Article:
Inspired by how the Tea Party shook up the Republican establishment from the right, Latino activists are threatening to form a “Tequila Party” to challenge President Obama and the Democratic establishment from the left.
Right now, the idea exists only in theory. It’s been mentioned in articles and speeches, but there is no formal apparatus. Yet, among Latinos, there is a palpable amount of disillusionment with both political parties and especially with Democrats.
About 10 million Latino voters cast ballots in 2008. And with 500,000 new voters joining the rolls every year, as many as 12 million Latinos are expected to vote in 2012.
In every presidential election since 1960, the Democrat has won the majority of the Latino vote. But there’s more to the story. If Republicans get 35 percent or more, it’s usually enough to win the White House. Below 25 percent, they usually lose.
In the 2008 election, Obama was given a whopping 67 percent of the Latino vote. Yet, while in office, as far as many Latinos are concerned, he has fallen short of expectations.
According to a recent poll by ImpreMedia and Latino Decisions, President Obama’s job approval rating among Latinos is still at 70 percent. Yet only 43 percent of Latino voters are sure they will vote for him next year. One reason they give is Obama’s broken promise to pursue comprehensive immigration reform. This doesn’t translate into support for the GOP; only 9 percent said they would definitely vote for a Republican candidate, and another 8 percent said they might.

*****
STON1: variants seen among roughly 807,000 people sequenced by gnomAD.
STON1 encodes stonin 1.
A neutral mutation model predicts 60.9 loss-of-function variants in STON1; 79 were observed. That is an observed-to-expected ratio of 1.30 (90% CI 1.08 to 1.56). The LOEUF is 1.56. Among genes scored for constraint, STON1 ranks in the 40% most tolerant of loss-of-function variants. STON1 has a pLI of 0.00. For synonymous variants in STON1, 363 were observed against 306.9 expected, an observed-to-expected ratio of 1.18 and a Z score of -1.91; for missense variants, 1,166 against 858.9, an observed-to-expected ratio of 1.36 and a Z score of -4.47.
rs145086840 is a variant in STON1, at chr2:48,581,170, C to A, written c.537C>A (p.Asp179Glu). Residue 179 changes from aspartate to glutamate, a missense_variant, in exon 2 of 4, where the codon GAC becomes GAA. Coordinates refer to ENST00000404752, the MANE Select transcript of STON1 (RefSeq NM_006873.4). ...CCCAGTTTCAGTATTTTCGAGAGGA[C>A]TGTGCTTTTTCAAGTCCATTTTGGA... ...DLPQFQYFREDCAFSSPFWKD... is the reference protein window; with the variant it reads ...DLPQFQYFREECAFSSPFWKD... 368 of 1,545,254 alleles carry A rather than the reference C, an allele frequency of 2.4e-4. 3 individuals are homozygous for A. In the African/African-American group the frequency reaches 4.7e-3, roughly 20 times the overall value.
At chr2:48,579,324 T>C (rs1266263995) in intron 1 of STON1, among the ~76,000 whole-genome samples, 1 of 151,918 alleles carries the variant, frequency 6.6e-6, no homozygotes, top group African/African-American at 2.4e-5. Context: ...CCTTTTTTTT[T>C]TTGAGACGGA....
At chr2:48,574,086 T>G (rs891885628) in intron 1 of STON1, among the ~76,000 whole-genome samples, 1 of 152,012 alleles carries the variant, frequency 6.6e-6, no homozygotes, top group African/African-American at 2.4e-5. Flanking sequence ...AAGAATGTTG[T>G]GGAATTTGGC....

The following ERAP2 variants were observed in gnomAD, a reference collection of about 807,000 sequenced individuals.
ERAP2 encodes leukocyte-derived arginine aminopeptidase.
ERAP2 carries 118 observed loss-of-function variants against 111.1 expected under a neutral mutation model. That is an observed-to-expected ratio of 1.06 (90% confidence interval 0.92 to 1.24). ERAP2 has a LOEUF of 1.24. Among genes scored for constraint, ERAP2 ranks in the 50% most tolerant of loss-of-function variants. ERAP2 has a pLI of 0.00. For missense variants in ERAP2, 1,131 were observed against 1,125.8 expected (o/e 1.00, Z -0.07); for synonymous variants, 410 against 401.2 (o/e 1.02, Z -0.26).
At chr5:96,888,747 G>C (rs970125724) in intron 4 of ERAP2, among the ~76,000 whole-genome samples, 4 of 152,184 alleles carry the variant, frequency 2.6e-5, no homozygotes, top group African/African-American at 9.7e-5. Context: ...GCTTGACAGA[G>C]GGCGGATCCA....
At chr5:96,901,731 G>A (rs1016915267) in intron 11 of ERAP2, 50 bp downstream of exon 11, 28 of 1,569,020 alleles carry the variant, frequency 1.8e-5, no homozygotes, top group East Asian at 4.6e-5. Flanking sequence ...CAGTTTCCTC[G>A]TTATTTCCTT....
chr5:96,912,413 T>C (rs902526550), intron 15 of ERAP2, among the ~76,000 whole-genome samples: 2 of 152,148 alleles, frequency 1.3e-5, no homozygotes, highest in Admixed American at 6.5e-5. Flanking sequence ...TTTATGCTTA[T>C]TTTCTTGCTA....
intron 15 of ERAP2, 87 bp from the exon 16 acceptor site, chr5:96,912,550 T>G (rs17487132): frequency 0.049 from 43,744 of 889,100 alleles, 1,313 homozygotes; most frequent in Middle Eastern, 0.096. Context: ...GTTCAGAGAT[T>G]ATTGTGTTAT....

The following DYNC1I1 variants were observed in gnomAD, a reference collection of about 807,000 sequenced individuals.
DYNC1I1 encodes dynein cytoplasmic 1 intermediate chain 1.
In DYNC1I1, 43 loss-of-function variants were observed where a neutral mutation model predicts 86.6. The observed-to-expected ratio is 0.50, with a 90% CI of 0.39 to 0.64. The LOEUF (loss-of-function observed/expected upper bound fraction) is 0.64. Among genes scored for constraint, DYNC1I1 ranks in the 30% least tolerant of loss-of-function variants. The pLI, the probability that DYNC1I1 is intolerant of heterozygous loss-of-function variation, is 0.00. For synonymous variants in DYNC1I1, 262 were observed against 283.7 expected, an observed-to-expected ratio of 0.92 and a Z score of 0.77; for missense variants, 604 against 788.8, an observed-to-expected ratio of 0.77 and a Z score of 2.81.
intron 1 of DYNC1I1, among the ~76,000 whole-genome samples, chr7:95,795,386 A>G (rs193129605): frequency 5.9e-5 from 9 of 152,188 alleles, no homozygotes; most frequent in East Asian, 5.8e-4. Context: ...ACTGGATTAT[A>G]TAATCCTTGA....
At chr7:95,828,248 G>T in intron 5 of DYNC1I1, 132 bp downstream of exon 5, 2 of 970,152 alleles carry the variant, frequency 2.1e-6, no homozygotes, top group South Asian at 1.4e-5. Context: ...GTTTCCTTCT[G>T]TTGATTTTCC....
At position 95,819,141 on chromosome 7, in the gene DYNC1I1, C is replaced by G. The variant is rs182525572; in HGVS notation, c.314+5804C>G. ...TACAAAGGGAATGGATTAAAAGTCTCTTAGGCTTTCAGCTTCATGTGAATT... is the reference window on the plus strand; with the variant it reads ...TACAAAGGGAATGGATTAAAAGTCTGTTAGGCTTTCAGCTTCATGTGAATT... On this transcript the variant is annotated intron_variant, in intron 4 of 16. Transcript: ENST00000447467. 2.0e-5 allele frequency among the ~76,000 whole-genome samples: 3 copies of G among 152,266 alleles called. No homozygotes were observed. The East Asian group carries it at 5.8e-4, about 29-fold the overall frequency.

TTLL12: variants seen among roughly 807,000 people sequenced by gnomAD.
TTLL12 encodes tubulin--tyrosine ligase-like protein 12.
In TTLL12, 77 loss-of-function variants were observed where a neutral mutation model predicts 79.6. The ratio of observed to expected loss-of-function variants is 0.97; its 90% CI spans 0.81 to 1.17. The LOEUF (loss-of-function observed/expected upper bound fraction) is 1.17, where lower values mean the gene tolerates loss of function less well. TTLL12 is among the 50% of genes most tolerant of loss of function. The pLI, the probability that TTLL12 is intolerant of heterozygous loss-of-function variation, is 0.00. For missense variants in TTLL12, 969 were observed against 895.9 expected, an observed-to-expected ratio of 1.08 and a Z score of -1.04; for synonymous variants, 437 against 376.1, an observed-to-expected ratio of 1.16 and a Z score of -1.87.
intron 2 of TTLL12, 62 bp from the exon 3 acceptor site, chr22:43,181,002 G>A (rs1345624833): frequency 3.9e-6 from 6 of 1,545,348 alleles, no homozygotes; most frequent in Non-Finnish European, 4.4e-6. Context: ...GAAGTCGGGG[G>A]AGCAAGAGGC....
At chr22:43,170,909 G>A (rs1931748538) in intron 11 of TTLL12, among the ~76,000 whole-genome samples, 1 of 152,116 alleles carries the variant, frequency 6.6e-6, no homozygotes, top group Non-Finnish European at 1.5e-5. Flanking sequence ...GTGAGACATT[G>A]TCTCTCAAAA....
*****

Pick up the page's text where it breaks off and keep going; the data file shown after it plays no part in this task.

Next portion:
The question isn’t whether Latinos are going to defect to the GOP. It’s whether Latinos are so disappointed in Obama and the Democrats that they don’t vote at all. The White House can’t afford to let that happen.
For the first time in years, Latinos are in play because of a genuine anger at how both parties mistreat those voters.
Just listen to Robert DePosada, a Washington-based GOP political strategist. I asked him what he thought about the idea of Latinos forming a Tequila Party.
“I think it’s a great idea,” said DePosada. “Both parties are just playing with us. And unless we send a message to these people, they’re going to continue going as they are.”
Or listen to Arnoldo Torres, a Sacramento CA-based Democratic strategist.
“Latinos are starting to realize that Democrats are not responsive to their concerns,” Torres said. “In fact, there is phenomenal ignorance in both parties. Latinos have got to change the paradigm by demanding more.”
There has long been a frustration among Latinos that Democrats were taking their support for granted. But the straw that broke the donkey’s back was the immigration debate, which Democrats have badly mismanaged.
In 2006 and 2007, Senate Democrats — including a freshman Illinois senator named Barack Obama — proposed “poison pill” amendments to kill, at the behest of organized labor, a comprehensive immigration reform bill that included guest workers. In 2009 and 2010, Democrats – in control of both the White House and Congress — put immigration reform on the back burner to concentrate on health care, trade, global warming, education, and other matters. And finally, during last year’s lame duck session, five Senate Democrats – Mark Pryor of Arkansas, Ben Nelson of Nebraska, Kay Hagen of North Carolina, and Jon Tester and Max Baucus of Montana – voted against cloture on the DREAM Act and prevented the bill from moving to a final vote.
And yet, as bad as Democrats have been on immigration, Republicans have been worse by making the issue one of “us” vs. “them” – and putting Latinos squarely in the “them” category.